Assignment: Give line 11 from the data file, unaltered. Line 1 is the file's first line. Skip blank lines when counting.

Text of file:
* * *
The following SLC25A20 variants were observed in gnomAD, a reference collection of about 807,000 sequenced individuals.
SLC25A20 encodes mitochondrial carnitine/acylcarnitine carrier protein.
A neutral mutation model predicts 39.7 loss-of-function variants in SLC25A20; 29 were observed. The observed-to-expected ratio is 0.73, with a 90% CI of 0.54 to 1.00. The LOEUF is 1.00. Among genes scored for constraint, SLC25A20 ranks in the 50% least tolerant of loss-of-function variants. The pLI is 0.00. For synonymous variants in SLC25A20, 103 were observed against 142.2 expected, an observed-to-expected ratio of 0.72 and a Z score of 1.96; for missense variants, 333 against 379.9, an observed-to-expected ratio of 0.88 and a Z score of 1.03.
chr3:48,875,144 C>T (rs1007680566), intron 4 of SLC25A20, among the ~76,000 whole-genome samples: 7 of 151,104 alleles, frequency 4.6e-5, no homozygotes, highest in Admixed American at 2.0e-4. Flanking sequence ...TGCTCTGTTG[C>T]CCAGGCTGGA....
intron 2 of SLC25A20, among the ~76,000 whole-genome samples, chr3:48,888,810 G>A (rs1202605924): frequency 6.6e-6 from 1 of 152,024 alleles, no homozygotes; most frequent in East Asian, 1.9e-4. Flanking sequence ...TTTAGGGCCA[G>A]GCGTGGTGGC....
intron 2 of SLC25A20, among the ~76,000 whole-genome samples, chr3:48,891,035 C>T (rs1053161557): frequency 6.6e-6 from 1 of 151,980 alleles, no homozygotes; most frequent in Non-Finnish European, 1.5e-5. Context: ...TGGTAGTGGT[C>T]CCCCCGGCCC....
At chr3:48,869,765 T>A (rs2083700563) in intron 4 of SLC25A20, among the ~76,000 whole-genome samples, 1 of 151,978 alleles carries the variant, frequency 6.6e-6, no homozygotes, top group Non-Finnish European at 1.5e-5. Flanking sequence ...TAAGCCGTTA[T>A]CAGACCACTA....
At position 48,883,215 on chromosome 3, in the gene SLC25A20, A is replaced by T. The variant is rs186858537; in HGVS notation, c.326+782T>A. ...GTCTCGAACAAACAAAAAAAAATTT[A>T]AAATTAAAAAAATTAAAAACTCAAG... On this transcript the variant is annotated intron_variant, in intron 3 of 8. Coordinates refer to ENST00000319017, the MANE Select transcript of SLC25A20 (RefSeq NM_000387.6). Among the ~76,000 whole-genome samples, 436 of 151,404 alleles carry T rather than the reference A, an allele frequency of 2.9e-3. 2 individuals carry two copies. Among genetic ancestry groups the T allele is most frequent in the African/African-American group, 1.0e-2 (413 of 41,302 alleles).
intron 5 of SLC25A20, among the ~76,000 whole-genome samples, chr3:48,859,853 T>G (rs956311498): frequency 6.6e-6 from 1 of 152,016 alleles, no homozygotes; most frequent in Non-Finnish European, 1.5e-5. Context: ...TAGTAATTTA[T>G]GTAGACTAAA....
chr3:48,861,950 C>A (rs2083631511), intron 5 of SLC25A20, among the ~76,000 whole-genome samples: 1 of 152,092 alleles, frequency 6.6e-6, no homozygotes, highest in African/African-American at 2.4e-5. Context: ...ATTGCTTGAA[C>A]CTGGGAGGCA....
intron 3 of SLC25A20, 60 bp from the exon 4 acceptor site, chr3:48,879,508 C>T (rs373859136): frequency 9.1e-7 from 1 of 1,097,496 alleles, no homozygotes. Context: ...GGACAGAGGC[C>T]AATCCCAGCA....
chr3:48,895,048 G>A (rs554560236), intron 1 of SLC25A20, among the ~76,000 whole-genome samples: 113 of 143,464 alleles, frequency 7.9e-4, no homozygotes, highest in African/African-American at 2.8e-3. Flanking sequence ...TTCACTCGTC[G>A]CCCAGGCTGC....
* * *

intron 3 of SLC25A20, 60 bp from the exon 4 acceptor site, chr3:48,879,508 C>T (rs373859136): frequency 9.1e-7 from 1 of 1,097,496 alleles, no homozygotes. Context: ...GGACAGAGGC[C>T]AATCCCAGCA....